Yesterday’s blog explored the enthusiasm some of us have for finding shed antlers – and how that enthusiasm can turn into an obsession that threatens wintering mule deer and elk.
But shed hunting can be a fun springtime pursuit – and you can easily do it in a way that doesn’t bother wildlife.
Finding an antler in the woods may seem like finding the proverbial needle in the haystack. With a little practice, you can find some nice sheds for your collection.
Here are some tips to get you started. While this post focuses mainly on finding white-tailed and mule deer sheds, the principles also apply for moose, elk and other antlered critters.
When to Go: When deer shed their antlers is highly variable, and dependent on a number of factors. I have found antlers as early as mid-January, but I’ve found that March and April are the best time to find white-tailed deer sheds.
Mule deer and elk often gather in wintering areas – making finding sheds easier but also increasing the threat to these animals. Wait until mid-April or May to begin your search.
Learn Deer: As with any nature-based activity, you’ll be more successful and have more fun if you know the biology, habits and ecosystem of the creatures that live there. Spend some time observing deer at other times of year, and you’ll be well on your way to learning some shed hunting hotspots.
Fortunately, there are volumes of information on deer and elk to learn more about their biology. I recommend starting with the works of biologist Valerius Geist and photographer Leonard Lee Rue III. They helped ignite my interest in deer as a child and continue to contribute important work on the subject.
It includes the best descriptions yet of what a deer experiences when it sheds an antler – his firsthand observations (and photos) suggest it’s as disorienting as you might imagine.
And there’s a lot of online information, too, like my friend Hal Herring’s definitive piece.
Stay on the Trail. No, not the hiking trail. The deer trail. In many areas, deer create runways every bit as well-worn as those created by humans. Follow them, and you’ll learn a lot more about deer. It’s also where I have found many of my sheds.
Follow the Obstacle Course. Deer antlers loosen, so obstacles in their path – a branch, a patch of brush, a fence – can knock them off. Look for places deer trails encounter such obstacles. These are prime places to check throughout the spring.
One of my favorite finds was a pair of antlers I found by a fence in the Flint Hills of Kansas. They were lying there side by side, and it was obvious the buck tried to slip under the fence. The fence was not high, so I have no idea why he didn’t just jump.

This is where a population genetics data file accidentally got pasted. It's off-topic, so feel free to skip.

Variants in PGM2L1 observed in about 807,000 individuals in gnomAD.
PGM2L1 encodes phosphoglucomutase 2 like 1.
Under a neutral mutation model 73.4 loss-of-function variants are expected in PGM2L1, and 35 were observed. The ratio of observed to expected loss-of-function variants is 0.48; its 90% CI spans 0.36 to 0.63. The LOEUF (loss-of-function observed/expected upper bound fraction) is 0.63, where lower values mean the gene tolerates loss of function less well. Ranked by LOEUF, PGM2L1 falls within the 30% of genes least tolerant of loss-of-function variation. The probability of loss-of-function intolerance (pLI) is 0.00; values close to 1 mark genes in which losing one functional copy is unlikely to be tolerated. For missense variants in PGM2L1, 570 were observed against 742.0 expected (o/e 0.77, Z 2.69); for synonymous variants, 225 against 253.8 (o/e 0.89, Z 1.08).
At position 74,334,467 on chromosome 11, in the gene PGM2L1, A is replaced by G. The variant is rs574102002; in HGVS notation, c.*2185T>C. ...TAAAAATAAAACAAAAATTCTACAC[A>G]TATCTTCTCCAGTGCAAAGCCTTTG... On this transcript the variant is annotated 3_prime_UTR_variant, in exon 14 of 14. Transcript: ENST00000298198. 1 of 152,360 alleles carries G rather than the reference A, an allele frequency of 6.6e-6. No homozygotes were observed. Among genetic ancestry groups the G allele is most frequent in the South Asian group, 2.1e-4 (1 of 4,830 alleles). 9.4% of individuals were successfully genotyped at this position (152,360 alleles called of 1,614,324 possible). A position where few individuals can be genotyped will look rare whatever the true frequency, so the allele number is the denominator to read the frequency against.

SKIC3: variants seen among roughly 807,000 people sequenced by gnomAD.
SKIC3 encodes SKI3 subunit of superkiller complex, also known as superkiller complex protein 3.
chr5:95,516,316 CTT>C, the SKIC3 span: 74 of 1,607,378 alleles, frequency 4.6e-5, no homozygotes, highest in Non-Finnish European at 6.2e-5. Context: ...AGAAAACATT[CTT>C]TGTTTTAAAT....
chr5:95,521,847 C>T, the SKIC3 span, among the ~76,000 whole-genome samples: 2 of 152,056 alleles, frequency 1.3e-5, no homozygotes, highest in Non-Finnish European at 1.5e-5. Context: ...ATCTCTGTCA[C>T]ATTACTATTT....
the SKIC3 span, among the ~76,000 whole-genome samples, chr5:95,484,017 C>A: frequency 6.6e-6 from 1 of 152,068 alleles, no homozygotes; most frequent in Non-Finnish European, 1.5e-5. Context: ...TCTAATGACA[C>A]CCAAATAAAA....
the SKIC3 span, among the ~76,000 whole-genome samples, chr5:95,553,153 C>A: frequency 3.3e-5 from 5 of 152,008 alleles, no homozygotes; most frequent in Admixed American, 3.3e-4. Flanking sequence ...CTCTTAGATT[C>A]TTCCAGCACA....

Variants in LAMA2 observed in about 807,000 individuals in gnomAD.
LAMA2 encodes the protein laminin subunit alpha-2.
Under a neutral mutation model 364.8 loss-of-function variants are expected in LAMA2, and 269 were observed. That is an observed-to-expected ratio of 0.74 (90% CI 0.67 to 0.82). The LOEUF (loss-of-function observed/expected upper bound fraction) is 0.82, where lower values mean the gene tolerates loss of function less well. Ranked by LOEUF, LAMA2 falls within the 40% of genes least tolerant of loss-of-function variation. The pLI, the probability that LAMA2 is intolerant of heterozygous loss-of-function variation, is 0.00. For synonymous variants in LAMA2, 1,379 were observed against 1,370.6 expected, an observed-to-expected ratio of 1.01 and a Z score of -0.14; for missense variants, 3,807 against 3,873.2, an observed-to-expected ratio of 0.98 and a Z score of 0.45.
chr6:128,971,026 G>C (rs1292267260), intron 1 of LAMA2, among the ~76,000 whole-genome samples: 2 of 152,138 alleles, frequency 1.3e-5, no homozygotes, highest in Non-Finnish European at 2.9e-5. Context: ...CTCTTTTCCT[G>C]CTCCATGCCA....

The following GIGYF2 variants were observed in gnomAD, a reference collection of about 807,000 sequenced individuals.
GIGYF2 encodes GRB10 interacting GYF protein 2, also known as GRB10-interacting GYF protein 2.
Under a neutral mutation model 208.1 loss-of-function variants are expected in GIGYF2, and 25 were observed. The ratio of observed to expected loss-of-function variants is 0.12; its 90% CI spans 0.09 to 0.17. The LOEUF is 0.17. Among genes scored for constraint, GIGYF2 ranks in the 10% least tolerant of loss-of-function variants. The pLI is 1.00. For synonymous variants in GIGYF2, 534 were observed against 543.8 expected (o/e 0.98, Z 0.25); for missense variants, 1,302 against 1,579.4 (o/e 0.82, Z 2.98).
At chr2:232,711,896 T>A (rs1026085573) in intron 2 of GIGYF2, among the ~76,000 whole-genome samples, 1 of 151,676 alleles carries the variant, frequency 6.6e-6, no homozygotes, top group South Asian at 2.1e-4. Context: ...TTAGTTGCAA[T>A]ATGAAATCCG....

But it’s mysteries like these that keep me hunting sheds.
Expert Tips for the Eastern Forest
White-tailed deer are over-abundant in the eastern forest, and well adapted to humans. That makes the eastern forest prime shed hunting territory.
It is also, in my experience, one of the most difficult habitats to search. Dense foliage, leaf litter on the forest floor and hilly terrain conspire to hide antlers from view.
Eckley spends a lot of time in the forest. He also spends a lot of time with deer – conducting research, promoting quality deer management, reaching out to hunt clubs, writing about deer, thinking about them.
And in the spring, he hunts sheds. Here are his tips for finding them in the eastern forest:
* Target south and southwest-facing slopes that receive more sun. These are preferred bedding areas by deer.
* Target the areas where deer bed and where they move from bedding areas to feeding areas. Deer trails are often highly visible.
* Before snow melt, get out in search of tracks. Note where you discover concentrated overwintering deer activity. Once the snow melts, revisit those sites.
* In the eastern forest, get out quickly before things green up before the critters devour them (porcupines and rodents can consume them quickly).
Yes, porcupines do indeed devour antlers (and other unusual things) – but this is a topic for a future blog.
One of the best ways to find antlers is to look for antlers. That may seem like common sense, but you’ve probably walked by many because you weren’t looking.
So get outside and start your search. Just be sure to respect the animals – and please stay out of their wintering areas.
Opinions expressed on Cool Green Science and in any corresponding comments are the personal opinions of the original authors and do not necessarily reflect the views of The Nature Conservancy.